Question: why doesnt the flame go inside a bunsen burner and blow us up

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  1. That’s because gas is being pushed outwards from the gas pipe, so it will always burn in an outwards direction.

    BUT, it is still always important to remember to wear protective clothing when handling bunsen burners… fire is dangerous!


  2. This is the same reason that the flame in you stove does not go down the pipe.

    As Tara said the pipe supplying the gas is under pressure pushing the gas (and the air it has mixed with) out the top of the burner.

    In addition the flame cannot get down the pipe and blow you up because there is no oxygen in the pipe, only gas. To have fire (or explosion) you need fuel, oxygen and heat and the oxygen only mixes with the gas once it gets in to the burner.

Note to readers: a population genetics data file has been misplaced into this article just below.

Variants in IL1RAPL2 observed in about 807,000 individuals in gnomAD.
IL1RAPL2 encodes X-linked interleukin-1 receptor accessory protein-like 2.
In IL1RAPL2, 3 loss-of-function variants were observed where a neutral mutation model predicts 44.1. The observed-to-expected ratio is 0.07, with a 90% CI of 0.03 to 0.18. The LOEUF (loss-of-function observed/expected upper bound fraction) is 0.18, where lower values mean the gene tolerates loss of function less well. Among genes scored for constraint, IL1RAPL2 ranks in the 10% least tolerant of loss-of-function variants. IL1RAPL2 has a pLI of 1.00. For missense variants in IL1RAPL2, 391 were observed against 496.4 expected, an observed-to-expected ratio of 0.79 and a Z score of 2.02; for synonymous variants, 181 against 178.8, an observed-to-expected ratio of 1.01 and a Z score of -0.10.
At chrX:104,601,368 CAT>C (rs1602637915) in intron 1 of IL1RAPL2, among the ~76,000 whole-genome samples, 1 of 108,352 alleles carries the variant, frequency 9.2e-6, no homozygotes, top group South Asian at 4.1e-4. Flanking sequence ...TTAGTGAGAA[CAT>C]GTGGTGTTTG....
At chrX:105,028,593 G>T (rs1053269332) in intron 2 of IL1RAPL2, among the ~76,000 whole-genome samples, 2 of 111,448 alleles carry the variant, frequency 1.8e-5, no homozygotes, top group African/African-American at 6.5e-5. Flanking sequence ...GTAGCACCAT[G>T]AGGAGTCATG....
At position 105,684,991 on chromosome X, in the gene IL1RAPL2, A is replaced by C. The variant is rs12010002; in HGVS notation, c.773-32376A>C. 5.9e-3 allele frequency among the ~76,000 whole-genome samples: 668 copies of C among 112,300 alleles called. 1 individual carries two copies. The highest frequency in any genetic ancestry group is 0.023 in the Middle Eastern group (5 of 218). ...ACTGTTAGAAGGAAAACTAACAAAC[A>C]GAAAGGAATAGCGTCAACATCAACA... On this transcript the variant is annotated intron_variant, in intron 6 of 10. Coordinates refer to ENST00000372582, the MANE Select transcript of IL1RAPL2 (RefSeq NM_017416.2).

3. There are 2 reasons: 1. the gas is under pressure and gets forced out of the burner; and 2. The gas will only burn when there is the right mix of oxygen/gas, so nothing can ignite until the gas escapes into the air outside the burner. That little ring at the bottom of the burner (at least the older ones) hanges the mix of air/gas and that’s how you can adjust the “heat” of the flame


  4. yeah, I agree with what these guys have already said above. Also, if bunsen burners were explosive, you wouldn’t get to use them in the lab, which would make science pracs less fun 🙂



  1. Sitting in the HYDROGEN zone thinking, awww I could have taken that one. Once did see my chem teacher light the gas pipe coming out of the bench in the lab when I was a nipper and I thought – ooh, won’t the building blow up if the flame gets sucked down? Then I realised there was no air in the pipe, so I chilled.